As a public company, you are likely aware of the OTC Pink Sheet market and you may even know of the OTC Grey market. On the OTC Grey market, no US investor can buy your stock. As a platform to reach investors it is pretty much useless. As such, you may have filed a Form 211 to trade on the Pink Sheet platform thinking that now US investors can trade your stock. While it is an improvement, most US brokers, advisors and investors are still restricted from buying your stock on the Pink Sheets - it is a platform where bankrupt, distressed and non-compliant companies trade.
However, there is a solution for companies listed on a Canadian Exchange and interested in a cost effective way to reach the huge pool of U.S. Retail and Institutional Investors - OTC Markets Group, QB or QX trading platforms. OTC Markets operate these SEC recognized, FINRA regulated trading platforms on which thousands of securities are traded. They provide transparency and liquidity consistent with a big board listing, but with no need to duplicate your compliance work to satisfy the SEC, and listing fees that are a fraction of the NYSE or Nasdaq.
Using Rule 12g3-2(b) to list International Companies on OTC QB or QX, the United States capital markets offer the greatest access to investor capital and are the most mature and stable of the world’s financial centers. Yet many companies forego the opportunity to trade their securities in the U.S. because they do not want to incur the cost of compliance with U.S. securities laws, including the Sarbanes-Oxley Act of 2002. An alternative, for international companies wanting to trade their securities in the U.S. without incurring the costs of compliance with U.S. securities laws is to utilize the 12g3-2(b) exemption under the Securities Exchange Act of 1934, (the Exchange Act), and be quoted on either OTCQB or OTCQX. International companies that are already listed on their home country exchange can use this exemption to easily have their securities quoted on either the QB or QX platforms without having to go through the registration process or needing to comply with the continuous reporting requirements of U.S. securities laws.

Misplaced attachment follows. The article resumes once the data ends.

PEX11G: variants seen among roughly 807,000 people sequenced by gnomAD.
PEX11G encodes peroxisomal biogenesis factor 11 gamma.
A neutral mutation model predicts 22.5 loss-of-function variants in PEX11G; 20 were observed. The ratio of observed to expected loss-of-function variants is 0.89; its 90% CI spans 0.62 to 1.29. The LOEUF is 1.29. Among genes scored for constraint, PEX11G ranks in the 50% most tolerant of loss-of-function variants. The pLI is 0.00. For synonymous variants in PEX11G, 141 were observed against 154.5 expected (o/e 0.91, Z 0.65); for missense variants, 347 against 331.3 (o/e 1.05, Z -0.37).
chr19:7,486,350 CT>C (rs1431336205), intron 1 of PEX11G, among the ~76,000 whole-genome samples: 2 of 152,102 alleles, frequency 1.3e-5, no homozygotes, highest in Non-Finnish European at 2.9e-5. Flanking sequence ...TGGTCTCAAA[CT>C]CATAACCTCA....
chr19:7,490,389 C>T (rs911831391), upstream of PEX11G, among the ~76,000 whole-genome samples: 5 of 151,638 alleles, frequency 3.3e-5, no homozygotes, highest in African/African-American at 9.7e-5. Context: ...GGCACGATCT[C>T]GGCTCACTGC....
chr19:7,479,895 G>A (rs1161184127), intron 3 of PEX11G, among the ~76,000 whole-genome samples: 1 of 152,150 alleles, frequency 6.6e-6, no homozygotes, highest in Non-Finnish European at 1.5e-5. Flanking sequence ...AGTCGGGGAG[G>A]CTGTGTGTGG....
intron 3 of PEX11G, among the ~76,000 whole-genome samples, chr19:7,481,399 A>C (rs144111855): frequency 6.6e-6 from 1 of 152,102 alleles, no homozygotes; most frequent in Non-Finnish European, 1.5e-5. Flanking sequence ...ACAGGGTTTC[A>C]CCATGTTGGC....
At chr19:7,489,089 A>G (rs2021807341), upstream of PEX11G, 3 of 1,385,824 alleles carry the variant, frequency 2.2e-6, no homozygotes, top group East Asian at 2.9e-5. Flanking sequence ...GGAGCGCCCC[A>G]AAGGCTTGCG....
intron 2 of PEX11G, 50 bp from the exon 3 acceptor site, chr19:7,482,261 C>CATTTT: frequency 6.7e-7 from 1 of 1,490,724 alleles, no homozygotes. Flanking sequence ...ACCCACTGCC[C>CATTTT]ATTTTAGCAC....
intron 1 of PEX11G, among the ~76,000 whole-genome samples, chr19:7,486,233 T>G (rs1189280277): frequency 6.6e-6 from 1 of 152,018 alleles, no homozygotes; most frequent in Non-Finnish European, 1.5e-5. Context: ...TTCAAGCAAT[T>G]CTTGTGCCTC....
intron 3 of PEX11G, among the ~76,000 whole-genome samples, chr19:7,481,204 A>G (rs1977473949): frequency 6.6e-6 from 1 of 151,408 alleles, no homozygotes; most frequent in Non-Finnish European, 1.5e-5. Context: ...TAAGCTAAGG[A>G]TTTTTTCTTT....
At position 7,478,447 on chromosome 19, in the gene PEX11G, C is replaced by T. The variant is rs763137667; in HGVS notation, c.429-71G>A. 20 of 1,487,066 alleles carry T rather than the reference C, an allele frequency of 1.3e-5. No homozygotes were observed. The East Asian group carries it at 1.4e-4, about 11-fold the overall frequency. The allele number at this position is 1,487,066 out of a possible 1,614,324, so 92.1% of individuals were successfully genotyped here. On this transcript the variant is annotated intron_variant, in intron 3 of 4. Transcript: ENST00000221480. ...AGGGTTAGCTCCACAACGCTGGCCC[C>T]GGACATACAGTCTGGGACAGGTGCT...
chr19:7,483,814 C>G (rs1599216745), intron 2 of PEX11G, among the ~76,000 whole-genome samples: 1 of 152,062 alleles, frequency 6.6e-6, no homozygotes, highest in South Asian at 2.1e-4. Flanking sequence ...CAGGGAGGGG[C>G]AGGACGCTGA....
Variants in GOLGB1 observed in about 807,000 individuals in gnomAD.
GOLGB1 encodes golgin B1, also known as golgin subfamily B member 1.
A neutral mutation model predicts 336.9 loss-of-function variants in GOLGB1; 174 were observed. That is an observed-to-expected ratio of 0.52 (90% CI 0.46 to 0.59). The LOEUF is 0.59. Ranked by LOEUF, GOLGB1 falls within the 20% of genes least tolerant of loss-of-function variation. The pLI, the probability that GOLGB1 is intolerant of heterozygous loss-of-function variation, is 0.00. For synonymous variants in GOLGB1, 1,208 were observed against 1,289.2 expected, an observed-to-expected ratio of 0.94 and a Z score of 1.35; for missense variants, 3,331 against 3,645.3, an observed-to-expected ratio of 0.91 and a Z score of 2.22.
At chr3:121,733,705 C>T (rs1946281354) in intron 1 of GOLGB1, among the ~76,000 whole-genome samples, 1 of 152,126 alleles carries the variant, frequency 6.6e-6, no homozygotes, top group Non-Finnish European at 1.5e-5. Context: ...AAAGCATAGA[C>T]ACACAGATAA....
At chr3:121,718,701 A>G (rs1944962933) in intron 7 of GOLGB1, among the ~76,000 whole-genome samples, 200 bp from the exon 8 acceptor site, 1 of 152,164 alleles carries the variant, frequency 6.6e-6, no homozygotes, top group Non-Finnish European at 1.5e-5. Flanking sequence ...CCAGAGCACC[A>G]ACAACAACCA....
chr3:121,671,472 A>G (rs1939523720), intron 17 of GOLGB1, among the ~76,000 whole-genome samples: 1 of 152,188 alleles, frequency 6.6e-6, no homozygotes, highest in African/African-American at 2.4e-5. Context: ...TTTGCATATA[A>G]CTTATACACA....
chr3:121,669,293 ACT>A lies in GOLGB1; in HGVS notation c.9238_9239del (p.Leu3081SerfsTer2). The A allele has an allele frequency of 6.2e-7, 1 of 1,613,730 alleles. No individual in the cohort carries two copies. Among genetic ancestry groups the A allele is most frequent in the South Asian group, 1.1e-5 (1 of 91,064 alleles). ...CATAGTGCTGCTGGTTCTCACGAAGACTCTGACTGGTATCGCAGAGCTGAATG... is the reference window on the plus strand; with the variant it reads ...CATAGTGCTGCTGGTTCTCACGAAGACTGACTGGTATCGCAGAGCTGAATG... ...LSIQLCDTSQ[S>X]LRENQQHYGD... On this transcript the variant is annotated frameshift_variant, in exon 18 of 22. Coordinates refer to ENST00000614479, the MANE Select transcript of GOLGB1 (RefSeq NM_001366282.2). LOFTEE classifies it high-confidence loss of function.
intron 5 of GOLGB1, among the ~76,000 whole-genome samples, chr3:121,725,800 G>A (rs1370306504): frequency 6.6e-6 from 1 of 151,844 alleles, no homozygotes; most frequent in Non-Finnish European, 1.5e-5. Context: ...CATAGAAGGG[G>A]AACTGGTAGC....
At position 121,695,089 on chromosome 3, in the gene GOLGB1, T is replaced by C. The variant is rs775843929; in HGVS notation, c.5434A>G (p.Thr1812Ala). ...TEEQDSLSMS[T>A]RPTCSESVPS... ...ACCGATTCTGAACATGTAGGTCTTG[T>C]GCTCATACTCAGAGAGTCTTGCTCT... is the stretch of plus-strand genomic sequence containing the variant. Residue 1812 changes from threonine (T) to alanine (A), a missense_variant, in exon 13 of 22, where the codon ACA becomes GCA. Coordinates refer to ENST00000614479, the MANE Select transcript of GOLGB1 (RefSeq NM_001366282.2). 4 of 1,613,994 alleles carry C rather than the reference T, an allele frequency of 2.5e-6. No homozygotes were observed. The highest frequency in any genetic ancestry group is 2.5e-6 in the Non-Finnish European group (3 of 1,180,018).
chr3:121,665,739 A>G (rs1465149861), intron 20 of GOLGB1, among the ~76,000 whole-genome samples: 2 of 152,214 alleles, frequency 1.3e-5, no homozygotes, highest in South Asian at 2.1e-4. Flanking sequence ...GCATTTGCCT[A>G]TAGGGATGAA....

Every issuer is different but there are required steps and elective steps.